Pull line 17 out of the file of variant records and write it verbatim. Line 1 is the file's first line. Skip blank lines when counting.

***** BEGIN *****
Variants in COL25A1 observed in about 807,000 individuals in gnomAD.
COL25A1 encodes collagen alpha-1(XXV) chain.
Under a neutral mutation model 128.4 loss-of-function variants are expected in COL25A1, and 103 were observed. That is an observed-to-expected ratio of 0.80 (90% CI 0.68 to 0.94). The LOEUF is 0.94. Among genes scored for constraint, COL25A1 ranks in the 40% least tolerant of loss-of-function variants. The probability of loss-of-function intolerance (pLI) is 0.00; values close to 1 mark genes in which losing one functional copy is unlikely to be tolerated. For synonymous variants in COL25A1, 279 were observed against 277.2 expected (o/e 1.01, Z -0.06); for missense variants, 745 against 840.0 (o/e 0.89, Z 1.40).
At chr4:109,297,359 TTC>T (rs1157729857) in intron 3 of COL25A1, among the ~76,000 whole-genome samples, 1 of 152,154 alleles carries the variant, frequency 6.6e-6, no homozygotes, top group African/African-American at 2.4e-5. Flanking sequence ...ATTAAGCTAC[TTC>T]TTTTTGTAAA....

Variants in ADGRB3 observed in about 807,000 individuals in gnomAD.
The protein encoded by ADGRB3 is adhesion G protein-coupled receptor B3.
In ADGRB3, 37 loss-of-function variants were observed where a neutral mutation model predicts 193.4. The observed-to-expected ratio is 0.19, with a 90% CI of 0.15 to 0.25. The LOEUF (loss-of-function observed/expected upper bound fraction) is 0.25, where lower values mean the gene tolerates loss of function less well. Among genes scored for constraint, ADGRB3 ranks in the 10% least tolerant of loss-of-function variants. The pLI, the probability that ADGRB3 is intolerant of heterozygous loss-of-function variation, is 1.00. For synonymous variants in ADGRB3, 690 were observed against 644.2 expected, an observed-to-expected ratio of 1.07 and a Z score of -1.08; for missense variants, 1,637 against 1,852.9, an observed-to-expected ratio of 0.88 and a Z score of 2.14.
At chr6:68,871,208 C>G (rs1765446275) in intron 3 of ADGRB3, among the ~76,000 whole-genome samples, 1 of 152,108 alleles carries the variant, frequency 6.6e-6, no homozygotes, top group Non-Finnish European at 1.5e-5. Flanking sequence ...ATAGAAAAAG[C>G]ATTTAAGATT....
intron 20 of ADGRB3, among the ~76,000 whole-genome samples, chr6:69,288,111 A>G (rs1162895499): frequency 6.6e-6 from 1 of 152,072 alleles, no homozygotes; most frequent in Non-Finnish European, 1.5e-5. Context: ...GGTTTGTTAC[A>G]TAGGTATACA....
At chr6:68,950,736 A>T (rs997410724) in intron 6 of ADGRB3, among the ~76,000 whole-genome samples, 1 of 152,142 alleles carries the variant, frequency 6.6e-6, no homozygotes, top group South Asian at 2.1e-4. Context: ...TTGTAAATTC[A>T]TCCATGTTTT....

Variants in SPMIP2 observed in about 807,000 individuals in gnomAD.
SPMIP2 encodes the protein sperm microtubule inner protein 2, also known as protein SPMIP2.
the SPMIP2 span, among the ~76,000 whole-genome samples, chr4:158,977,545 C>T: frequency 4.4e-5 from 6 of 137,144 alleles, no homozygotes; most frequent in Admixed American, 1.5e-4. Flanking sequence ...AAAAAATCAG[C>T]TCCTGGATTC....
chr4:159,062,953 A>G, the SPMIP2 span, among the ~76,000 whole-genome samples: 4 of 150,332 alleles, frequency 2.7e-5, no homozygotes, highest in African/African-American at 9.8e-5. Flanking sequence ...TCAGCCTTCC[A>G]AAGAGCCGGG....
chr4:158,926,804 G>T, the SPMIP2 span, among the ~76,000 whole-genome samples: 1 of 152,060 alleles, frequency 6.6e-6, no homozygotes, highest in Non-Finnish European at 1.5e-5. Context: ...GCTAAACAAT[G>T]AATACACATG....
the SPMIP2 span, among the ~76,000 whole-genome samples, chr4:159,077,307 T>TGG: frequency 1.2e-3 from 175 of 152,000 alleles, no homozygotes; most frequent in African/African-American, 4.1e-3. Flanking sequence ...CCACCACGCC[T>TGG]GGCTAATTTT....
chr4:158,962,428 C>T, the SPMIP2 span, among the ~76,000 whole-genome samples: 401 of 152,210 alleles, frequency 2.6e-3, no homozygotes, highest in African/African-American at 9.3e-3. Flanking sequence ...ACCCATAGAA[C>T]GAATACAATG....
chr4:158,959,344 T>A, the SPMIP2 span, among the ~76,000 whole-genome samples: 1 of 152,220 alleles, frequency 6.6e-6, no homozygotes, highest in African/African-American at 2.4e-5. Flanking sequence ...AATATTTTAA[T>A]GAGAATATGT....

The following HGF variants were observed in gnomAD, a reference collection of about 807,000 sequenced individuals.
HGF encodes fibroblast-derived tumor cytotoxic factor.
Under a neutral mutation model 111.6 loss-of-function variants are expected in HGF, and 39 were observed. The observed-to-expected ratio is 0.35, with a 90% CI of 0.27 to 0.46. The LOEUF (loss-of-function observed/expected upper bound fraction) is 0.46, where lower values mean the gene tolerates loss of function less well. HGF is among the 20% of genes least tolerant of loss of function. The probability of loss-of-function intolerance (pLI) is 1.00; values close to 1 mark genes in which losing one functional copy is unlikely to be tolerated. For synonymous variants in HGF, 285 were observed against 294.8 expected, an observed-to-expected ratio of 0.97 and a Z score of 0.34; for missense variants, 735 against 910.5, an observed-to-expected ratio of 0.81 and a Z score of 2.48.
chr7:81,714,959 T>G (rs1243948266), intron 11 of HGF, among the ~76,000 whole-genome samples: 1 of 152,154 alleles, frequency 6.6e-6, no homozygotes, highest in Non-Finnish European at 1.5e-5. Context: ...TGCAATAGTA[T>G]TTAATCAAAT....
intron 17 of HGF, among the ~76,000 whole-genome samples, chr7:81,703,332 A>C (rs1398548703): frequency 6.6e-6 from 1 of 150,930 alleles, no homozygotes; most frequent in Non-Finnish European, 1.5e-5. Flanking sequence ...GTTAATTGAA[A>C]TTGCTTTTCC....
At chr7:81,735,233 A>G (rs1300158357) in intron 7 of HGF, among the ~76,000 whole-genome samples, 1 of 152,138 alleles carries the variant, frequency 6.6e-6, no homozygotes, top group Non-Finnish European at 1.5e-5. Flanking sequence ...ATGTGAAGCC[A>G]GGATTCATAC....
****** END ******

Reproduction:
chr4:158,962,428 C>T, the SPMIP2 span, among the ~76,000 whole-genome samples: 401 of 152,210 alleles, frequency 2.6e-3, no homozygotes, highest in African/African-American at 9.3e-3. Flanking sequence ...ACCCATAGAA[C>T]GAATACAATG....